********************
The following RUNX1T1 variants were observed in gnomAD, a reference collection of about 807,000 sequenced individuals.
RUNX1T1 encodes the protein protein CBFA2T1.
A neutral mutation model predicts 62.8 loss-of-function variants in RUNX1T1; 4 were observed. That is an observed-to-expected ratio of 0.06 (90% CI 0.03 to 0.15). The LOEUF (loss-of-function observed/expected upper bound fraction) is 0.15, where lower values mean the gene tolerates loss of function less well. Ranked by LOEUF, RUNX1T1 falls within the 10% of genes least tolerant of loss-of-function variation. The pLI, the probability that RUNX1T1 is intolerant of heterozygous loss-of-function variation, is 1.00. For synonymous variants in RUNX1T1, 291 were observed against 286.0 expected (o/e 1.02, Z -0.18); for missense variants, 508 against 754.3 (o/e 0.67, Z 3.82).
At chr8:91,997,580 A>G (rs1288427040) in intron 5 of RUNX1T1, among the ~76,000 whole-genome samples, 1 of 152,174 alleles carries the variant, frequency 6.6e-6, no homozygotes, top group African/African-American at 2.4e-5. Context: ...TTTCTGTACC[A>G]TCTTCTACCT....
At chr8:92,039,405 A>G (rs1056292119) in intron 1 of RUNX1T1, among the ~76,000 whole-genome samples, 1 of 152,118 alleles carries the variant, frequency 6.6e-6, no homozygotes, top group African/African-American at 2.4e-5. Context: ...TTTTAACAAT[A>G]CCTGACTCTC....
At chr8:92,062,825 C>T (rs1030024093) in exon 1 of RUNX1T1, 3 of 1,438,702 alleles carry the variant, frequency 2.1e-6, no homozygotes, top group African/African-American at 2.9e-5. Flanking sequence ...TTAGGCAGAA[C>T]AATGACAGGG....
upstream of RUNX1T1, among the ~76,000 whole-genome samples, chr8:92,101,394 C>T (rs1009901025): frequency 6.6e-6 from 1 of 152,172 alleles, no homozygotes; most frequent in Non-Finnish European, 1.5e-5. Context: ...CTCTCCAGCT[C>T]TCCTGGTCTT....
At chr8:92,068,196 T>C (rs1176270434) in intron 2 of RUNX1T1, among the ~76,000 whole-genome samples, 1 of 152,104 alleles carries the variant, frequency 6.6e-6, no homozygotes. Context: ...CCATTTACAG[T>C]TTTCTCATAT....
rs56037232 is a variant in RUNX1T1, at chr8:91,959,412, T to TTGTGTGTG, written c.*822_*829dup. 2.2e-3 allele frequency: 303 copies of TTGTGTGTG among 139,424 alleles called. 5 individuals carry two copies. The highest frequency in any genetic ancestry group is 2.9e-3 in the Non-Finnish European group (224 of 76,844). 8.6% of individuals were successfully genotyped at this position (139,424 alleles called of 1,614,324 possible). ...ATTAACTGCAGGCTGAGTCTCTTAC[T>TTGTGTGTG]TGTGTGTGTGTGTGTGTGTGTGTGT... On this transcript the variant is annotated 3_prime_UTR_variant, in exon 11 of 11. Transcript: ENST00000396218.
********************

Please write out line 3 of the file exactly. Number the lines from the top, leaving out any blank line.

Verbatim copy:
A neutral mutation model predicts 62.8 loss-of-function variants in RUNX1T1; 4 were observed. That is an observed-to-expected ratio of 0.06 (90% CI 0.03 to 0.15). The LOEUF (loss-of-function observed/expected upper bound fraction) is 0.15, where lower values mean the gene tolerates loss of function less well. Ranked by LOEUF, RUNX1T1 falls within the 10% of genes least tolerant of loss-of-function variation. The pLI, the probability that RUNX1T1 is intolerant of heterozygous loss-of-function variation, is 1.00. For synonymous variants in RUNX1T1, 291 were observed against 286.0 expected (o/e 1.02, Z -0.18); for missense variants, 508 against 754.3 (o/e 0.67, Z 3.82).